My husband sent me video of the “10/Gui” multi-touch mouse replacement.
Yay — put the touch interface physically on the user’s desk instead of in the screen. The first thing that came to mind watching the video is “nice”, but show me how you type accurately at keyboard speed. And with that I’m at “meh.” Also introduced in the video is the idea of a linear windows management system. I immediately blanched on this idea. I’ve never encountered the problem this guy described. My windows always pop up where they were last opened or closed and I like having layers of different windows from which little pieces peek out so I can see what I’ve got open. I also like arranging my PC desktop how I like — but then again I’m sitting in front of two very large flat panels, multi-tasking away as I translate and monitor my e-mail/RSS Feeds …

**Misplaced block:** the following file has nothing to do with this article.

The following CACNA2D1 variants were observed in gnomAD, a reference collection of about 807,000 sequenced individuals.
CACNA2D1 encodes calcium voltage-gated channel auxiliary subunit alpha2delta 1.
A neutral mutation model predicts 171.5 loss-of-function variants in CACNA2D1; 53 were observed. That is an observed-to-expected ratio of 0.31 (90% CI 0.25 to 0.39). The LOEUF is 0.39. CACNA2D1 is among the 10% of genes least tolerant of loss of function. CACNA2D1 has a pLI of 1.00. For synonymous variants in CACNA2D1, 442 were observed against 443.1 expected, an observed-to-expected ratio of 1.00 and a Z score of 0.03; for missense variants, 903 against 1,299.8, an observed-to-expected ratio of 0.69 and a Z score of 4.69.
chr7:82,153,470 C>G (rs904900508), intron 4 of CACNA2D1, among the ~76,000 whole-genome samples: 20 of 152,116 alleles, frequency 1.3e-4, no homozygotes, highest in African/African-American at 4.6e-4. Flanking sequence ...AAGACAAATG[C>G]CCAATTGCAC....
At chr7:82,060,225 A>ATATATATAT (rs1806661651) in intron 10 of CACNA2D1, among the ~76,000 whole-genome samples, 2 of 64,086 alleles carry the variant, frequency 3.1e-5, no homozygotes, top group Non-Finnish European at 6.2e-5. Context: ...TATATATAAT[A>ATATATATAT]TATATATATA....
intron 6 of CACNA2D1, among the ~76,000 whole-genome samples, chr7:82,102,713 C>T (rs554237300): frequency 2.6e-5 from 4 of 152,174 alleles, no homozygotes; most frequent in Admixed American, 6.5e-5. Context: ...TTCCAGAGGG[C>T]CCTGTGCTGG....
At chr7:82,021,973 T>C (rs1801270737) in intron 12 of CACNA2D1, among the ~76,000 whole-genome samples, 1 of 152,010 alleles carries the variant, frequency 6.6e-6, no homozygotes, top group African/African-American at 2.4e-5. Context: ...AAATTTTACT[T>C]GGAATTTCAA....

This is not to say the concept is bad. It’s just that having a huge touchpad below a traditional keyboard causes ergonomic issues of it’s own. Basically, a keyboard and mouse are placed at the same distance in front of the user so the user is in a neutral position regardless of which device he or she is using. Along this line I see a five-fingered multi-touch mouse or an integrated keyboard/touch interface device instead. I’ve seen the a keyboard/touch device on a PS3 where the keys on the keyboard can be used as the touch interface. As for a flat touch keyboard, that allows for all kinds of modifications and customization based on application by pairing it with a screen underneath the surface. People could create their own interfaces with a few “primitives,” which could have great possibilities for gaming, image editing, music making, and things like Bloomberg. Manufacturers could make one keyboard for all languages. In combination with haptics (or the likes), keyboard-like feedback could be provided, thereby creating a very familiar experience.
Personally, though, I’m very happy with the mouse. A lot can be done with very little movement, plus mice are quite inexpensive and space friendly.